Can you be a tobacco company executive and not smoke? Well, not really. So yes, Bill did smoke for 37 years but a health scare of shortness of breath and a blocked artery in 1993 made him quit. He said he had no trouble quitting just by will power but he did carry a pack of cigarettes around in his shirt pocket for a long time without smoking any cigarettes. That method may have worked for Bill but I do not see it replacing Nicorettes very soon. Or to put it another way, if that isn't the definition of will power – just stop smoking and carry around a cigarette pack in your shirt pocket – I don’t know what is.
So Bill’s attachment to the area is undeniable since he and his wife have been coming back here for 26 years. One of his greatest friendships seems to have been with the manager of the Gran Hotel Nacional since he was here 45 years ago for the wedding of the manager and his wife. He insisted that I should meet the manager, Paul Hort, and that later turned out to be my second interview.
Bill’s wife is from San Jose, Costa Rica of American parents. Her father worked for the United Fruit Company that was located in David as well. Bill went on to say that the United Fruit Company built the Gran Hotel Nacional for its workers. They also built the railway to Puerto Armuelles, a banana-growing region recently shut down due to union problems (blog on Puerto Armuelles to follow).
I asked Bill about his most compelling moment in Panama. For that he had to go back to the year 1964 when there was an uprising in the Canal Zone.
….. here is a quote from “The 1964 Riots”
Word of the gesture soon spread across the border, and on the evening of the second day, January 9, 1964, nearly 200 Panamanian students marched into the Canal Zone with their flag. A struggle ensued, and the Panamanian flag was torn. After that provocation, thousands of Panamanians stormed the border fence. The rioting lasted 3 days, and resulted in more than 20 deaths, serious injuries to several hundred persons, and more than US$2 million of property damage.
Bill continued by saying as hell broke out across Panama there was rioting in David as mobs roamed the streets looking for Americans. He observed from his balcony as his American car was set on fire. He knew he and his wife had to get out of the apartment that they occupied but where to go?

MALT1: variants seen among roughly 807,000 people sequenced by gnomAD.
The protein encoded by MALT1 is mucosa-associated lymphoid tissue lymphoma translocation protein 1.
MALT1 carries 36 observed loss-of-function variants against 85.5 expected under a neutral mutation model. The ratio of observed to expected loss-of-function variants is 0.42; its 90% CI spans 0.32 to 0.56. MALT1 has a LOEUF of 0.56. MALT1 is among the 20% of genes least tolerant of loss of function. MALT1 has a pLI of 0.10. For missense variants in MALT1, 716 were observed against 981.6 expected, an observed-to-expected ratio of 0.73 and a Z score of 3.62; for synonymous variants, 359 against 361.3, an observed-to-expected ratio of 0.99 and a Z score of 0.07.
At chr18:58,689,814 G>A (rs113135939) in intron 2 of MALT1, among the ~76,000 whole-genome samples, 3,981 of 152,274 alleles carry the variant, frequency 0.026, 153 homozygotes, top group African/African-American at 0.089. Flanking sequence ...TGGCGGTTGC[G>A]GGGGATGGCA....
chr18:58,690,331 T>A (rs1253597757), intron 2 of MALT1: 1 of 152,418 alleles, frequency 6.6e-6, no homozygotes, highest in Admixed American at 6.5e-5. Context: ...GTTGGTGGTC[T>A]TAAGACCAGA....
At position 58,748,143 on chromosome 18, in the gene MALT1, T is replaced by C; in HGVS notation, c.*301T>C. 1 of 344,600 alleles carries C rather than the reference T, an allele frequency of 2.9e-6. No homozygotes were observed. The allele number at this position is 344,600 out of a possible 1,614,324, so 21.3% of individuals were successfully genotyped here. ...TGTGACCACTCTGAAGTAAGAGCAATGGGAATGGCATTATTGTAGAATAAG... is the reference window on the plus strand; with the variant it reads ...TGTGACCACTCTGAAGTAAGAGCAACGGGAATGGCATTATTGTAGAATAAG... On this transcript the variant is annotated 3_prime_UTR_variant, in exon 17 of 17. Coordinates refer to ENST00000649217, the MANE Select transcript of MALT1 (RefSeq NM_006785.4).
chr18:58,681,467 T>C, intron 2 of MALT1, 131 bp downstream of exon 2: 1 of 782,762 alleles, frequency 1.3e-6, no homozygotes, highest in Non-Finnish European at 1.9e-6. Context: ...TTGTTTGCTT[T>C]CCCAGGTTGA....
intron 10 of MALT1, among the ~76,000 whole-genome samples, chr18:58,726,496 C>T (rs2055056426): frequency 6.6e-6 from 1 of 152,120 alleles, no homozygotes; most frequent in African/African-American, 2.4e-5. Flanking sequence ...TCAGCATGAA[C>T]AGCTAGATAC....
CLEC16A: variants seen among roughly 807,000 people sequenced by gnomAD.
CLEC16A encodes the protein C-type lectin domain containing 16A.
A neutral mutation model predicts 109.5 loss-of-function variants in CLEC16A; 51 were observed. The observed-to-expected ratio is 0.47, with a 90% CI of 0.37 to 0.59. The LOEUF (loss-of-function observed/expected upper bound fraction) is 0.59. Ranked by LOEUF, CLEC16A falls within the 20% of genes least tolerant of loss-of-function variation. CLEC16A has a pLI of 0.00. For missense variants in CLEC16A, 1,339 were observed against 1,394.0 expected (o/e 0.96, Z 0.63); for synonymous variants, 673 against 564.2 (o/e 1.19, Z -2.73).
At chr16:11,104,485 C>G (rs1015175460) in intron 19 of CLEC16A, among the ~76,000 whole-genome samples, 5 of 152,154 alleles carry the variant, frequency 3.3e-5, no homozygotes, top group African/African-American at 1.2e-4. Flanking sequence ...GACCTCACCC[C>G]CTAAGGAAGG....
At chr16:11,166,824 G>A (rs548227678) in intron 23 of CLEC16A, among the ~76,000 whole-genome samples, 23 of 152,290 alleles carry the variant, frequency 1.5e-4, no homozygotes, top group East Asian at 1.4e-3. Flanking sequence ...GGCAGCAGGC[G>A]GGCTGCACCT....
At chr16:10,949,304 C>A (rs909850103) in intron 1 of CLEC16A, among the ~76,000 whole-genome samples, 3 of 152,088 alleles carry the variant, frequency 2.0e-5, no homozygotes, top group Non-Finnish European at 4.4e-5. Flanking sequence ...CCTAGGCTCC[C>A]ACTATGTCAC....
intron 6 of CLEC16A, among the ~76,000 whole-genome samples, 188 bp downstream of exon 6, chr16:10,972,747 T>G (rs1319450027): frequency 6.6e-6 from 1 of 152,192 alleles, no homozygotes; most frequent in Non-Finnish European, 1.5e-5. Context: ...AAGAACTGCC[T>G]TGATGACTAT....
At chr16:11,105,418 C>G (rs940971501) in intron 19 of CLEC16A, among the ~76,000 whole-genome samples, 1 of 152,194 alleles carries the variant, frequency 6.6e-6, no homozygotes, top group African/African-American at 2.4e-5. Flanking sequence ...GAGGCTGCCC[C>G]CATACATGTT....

He knew Commandante Omar Torrijos who at the time was in charge of Chitré Province and who later became President of the Republic of Panama.
Bill called Torrijos but was told that he was out checking the streets of David.
In the end, he and his family were rescued by American ladies who were married to Panamanians. They left on a Friday with only the clothing on their backs and ended up at the Gran Hotel Nacional.
On the Saturday the mobs were still roaming the streets of David looking for Americans and it was the local Lions Club that negotiated with Commandante Torrijos to get the Americans out of Panama.
On Sunday there was a huge demonstration planned for Plaza Cervantes, the main city park located in the middle of downtown. Torrijos was of the opinion that this would be the best time for the Americans to leave and that he would call both sides of the border to facilitate the escape. A car was waiting on Sunday and that is how the escape was made with no problems getting across the border due to the intervention of Torrijos. Bill also mentioned that the manager of the Gran Hotel Nacional – Paul Hort – also played an important role in facilitating the escape. The two men have been friends for a long time and this incident further bonded their friendship that spans over many years to the present day.
On an historical note, Arnulfo Arias was President in 1968 when Torrijos and Colonel Martinez instigated a coup. Subsequently Colonel Martinez was exiled to Florida and Torrijos became President of Panama. Manuel Noriega then replaced Torrijos as Commandante of Chitré Province. Torrijos stepped down as President in 1978. In 1983 Manuel Noriega became Military Dictator only to be overthrown by the U.S. in 1989. He was jailed for drug trafficking in the U.S. and most recently has been sentenced in France for money laundering.